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Forensic Science Communications July 2002 — Volume 4 — Number 3

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Sexual Dimorphism in Femora: An Indian Study

Ruma Purkait
Department of Anthropology
Saugor University
Saugor, India

Heeresh Chandra
Former Director and Founder
Medico-Legal Institute
Bhopal, India

Abstract.......Introduction.......Materials and Methods.......Results.......Discussion....... References


In the field of forensic osteology, determining sex from skeletal remains, especially from isolated bones, has been an age-old problem. This study documents efforts to determine sex by using five measurements from the femur. The study is based on 200 male and 80 female femora from central India. The data are analyzed using discriminant function procedures, and results of different measurements are reported independently and in various combinations. Three variables combined into a function could correctly assign sex to 92 percent of males and 96.3 percent of females.


The role of the skeleton in estimating attributes such as age, sex, race, stature, and the presence of disease is discussed by Krogman and Iscan (1986). They stated that the record of organic evolution is largely written by the hard parts of the body recognizable even after many years of death. Sex determination from skeletal remains, which forms an important component in the identification procedure, sometimes becomes a difficult task for the forensic anthropologist, especially in the absence of the pelvis. Therefore, most of the long bones, either individually or in combination, have been subjected to statistical and morphological analysis for the purpose of determining sex. So far, several studies conducted for assessing sex from various skeletal parts have reiterated that there is a size difference between populations and that metric standards must be developed for each group. Citing the example of the femur, studies have been reported on various populations including the Finns (Lofgren 1956); French (Godycki 1957); Japanese (Hanihara 1958); Australian aborigines (Davivongs 1963); English (Steel 1972); American blacks, whites, and Indians (Black 1978; DiBennardo and Taylor 1979 and 1982; Iscan and Miller-Shaivitz 1984 and 1986); Italians (Pettener 1979); Czechs (Cerny and Komenda 1980); prehistoric Scottish (MacLaughlin and Bruce 1985); archeological remains of Sudanese Nubians, Pecos Pueblo Indians, and Arikaras (France 1988); Chinese (Liu 1989; Iscan and Shihai 1995); Spanish (Trancho et al. 1997); Nigerians (Asala et al. 1998); Thais (King et al. 1998); South African whites and blacks (Asala 2001; Steyn and Iscan 1997); and Germans (Mall et al. 2000). Little work on the subject has been reported from India except for the study by Singh and Singh (1972A and 1972B) on the head of femur. To date, nothing has been published on other measurements of the femur, which may be useful if the bone is fragmented. This study is an attempt to examine the sexual dimorphism in femora of Indian origin.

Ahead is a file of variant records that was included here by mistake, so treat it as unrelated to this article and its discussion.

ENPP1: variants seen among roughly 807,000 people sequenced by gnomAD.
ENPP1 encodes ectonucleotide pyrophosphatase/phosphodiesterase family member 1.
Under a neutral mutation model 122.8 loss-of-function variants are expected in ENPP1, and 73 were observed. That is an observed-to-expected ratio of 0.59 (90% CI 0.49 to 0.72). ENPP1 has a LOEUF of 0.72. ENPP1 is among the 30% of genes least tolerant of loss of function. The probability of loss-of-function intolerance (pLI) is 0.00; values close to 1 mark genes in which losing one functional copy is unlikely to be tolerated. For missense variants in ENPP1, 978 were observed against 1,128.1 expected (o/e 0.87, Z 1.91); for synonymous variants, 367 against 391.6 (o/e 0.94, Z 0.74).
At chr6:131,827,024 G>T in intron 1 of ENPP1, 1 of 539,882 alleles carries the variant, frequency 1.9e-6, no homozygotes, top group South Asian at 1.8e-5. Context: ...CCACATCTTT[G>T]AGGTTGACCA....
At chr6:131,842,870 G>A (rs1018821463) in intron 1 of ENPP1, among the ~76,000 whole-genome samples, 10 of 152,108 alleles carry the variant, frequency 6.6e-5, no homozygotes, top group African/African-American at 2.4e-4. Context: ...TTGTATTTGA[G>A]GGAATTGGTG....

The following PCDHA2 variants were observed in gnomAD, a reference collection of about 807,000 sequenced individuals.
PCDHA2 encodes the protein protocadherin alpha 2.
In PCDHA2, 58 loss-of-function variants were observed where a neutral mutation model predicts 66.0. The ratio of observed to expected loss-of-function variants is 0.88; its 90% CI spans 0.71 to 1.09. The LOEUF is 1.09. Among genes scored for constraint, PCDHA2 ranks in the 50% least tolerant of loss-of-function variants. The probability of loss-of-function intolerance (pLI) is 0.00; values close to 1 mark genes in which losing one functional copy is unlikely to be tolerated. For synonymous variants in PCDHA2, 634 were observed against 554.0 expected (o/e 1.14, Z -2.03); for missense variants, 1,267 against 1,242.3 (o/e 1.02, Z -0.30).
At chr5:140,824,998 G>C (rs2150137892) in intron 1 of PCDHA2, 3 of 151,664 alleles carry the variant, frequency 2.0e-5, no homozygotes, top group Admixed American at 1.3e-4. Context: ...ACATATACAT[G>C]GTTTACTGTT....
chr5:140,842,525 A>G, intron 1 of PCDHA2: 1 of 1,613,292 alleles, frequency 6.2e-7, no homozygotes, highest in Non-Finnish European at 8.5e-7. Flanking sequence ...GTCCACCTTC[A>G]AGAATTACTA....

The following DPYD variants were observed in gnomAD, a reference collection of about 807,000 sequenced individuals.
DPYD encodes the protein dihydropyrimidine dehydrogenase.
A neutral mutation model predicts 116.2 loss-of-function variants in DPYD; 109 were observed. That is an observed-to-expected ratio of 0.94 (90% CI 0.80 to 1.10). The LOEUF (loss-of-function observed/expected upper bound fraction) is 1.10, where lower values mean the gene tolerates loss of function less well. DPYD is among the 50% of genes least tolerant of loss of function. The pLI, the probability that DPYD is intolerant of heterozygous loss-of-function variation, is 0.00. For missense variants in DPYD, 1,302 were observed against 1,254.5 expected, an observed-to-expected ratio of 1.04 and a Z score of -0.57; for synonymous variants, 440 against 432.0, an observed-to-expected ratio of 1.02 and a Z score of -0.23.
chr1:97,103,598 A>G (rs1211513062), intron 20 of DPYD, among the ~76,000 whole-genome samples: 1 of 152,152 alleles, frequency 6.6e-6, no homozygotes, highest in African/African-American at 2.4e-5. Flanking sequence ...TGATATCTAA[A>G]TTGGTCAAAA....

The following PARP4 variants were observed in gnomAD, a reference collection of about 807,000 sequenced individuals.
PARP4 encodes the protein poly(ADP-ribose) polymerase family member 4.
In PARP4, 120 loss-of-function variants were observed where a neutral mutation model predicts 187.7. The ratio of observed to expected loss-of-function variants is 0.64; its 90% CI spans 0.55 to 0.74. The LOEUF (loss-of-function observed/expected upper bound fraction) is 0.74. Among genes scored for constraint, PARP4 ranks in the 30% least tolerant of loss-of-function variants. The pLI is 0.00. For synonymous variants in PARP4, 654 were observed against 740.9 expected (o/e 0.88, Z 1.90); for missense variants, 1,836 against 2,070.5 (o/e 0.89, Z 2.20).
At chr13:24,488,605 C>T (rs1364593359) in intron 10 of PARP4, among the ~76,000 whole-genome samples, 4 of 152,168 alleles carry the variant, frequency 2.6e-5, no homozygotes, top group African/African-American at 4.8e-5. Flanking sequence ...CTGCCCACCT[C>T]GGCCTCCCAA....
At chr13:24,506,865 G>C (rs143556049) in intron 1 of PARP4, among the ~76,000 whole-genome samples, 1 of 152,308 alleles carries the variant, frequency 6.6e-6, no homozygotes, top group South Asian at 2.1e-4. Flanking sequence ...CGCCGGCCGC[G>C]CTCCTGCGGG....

This study on sexual dimorphism is based on the principle that the axial skeleton weight of the male is relatively and absolutely heavier than that of the female (William et al. 1989), and the initial impact of this weight is borne by the femur in transmission of the body weight. Another factor that makes its indentation on the femur is the modification of the female pelvis with respect to its specialized function of reproduction. Therefore, the stress and strain experienced by the femur is different in a male than it is in a female.

Materials and Methods

Data for this study are comprised of 280 dry adult femora from 200 male and 80 female residents of central India. The collection was housed at the Medico-Legal Institute of Bhopal, India. Abnormal or pathologically deformed bones were excluded from the study. Most of the bones in the collection, stored since 1973, are forensic specimens, and only a few are unclaimed specimens. Every care had been taken by the authors to include bones from a homogenous population. Information on probable age at death, race, sex, date of arrival, and probable cause of death were well documented in a register after examination. The bones were preserved in iron boxes coded with a serial number.